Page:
Presidential Power

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Since the founding of the United States, there has been a debate over the power of the presidency, in regards to the constitution. In the article, “The Constitution and United States Foreign Policy: An Interpretation”, author Walter LaFeber, examines the theme of presidential power and the constitution in association with American foreign policy. From the beginning of the 1790s, there were debates as to the power that an American president had in the United States and in the world. These arguments continued between the 19th and 20th centuries. What was also important and central to this article, is not only the level of power a president does have in foreign affairs, but also the harmful consequences in using those powers without adhering to…show more content…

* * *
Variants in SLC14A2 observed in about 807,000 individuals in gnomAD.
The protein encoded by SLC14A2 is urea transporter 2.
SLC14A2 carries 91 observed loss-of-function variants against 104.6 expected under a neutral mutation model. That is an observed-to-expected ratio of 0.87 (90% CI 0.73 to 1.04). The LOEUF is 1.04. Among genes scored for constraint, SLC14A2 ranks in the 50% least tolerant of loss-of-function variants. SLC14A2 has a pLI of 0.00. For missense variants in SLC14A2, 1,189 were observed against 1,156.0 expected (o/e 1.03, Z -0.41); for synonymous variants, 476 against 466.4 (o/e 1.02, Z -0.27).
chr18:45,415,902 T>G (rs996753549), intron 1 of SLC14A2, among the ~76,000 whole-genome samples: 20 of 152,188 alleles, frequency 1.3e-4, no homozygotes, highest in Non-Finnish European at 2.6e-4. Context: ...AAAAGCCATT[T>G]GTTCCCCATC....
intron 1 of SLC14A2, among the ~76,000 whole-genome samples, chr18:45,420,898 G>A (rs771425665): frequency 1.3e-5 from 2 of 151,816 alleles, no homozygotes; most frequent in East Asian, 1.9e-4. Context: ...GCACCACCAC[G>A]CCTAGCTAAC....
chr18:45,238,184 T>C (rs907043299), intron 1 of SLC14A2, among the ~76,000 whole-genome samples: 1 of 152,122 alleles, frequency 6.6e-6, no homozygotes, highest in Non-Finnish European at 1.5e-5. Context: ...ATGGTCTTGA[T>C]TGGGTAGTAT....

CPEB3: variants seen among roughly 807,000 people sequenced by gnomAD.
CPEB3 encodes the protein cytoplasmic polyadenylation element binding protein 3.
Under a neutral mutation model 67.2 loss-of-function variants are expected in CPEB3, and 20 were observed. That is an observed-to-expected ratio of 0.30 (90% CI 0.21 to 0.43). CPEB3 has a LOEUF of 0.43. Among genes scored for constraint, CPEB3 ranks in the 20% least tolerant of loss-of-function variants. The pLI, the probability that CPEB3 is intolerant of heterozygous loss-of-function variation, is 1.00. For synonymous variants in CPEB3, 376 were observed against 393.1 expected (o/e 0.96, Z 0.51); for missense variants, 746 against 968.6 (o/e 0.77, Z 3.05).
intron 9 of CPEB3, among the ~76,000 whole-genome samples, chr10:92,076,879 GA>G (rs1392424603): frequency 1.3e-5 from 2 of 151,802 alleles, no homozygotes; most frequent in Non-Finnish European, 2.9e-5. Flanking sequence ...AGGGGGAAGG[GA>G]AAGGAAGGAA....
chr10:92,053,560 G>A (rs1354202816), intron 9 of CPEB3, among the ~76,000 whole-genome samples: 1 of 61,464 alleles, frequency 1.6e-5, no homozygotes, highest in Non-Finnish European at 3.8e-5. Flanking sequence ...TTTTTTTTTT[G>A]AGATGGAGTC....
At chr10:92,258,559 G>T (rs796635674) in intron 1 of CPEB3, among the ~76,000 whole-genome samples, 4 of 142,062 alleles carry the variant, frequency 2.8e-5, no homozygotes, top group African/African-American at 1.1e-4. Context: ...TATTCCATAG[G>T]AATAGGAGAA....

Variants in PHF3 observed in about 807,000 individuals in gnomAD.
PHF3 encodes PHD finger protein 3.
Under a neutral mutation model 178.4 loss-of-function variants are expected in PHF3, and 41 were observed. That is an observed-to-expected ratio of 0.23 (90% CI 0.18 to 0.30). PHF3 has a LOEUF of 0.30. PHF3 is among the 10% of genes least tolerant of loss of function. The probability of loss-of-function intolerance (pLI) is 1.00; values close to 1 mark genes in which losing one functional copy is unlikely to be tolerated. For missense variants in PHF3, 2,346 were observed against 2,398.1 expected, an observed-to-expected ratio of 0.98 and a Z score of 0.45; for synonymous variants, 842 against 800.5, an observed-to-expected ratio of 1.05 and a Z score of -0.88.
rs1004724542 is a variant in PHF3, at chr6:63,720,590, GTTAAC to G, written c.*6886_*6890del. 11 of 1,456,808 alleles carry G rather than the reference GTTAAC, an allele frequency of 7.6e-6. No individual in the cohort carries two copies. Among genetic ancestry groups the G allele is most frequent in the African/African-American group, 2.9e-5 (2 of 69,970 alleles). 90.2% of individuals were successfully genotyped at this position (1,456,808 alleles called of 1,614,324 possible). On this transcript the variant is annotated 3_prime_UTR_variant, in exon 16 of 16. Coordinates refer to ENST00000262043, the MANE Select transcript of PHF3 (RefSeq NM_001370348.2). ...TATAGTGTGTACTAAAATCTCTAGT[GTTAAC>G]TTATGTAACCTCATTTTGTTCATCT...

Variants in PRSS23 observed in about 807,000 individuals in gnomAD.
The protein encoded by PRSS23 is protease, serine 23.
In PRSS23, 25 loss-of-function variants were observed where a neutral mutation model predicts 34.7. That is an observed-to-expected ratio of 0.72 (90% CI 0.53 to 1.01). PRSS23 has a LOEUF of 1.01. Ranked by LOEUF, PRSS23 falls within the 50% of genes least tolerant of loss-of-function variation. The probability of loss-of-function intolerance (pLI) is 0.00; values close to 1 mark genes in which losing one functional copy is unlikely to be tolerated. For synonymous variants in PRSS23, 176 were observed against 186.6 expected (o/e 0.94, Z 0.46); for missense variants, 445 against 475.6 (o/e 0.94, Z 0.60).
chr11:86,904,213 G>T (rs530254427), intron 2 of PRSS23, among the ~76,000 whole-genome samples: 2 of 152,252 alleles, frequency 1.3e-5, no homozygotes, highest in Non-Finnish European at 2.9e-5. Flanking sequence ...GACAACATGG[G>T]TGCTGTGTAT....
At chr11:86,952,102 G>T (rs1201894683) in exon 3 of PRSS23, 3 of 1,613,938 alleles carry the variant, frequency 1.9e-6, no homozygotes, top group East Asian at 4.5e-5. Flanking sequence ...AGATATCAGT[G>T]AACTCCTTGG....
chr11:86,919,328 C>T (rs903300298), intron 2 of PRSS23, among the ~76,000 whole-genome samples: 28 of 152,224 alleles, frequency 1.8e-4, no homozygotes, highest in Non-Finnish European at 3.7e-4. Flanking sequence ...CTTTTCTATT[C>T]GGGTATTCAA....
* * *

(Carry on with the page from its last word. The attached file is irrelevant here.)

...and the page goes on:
Also, these two presidents were able to use public information as a tool for their causes, and it helped to gather support. Woodrow Wilson also sided with the pro-imperialists, believing that the United States had the right to do with these nations as they pleased. It was after both World Wars that arguments and actions occurred against extensions of presidential power. The author mentioned that Dean Acheson, who was President Harry S. Truman’s Secretary of State, criticized the right of the president to be able to use American troops in executing foreign policy, while the Congress has no say in the matter. Also, this was followed by actions by the Supreme Court to say “that Truman had gone beyond his authority by moving to take over strike-bound mills to ensure the steady production of war material”. In the sixties, the outrage and turmoil over the war in Vietnam led to the passing of “the War Powers Act of 1973. The act limited and made more accountable the president’s powers as commander in chief”. This was also done in order for Congress to have more control over the actions of presidents, when troops are involved in foreign
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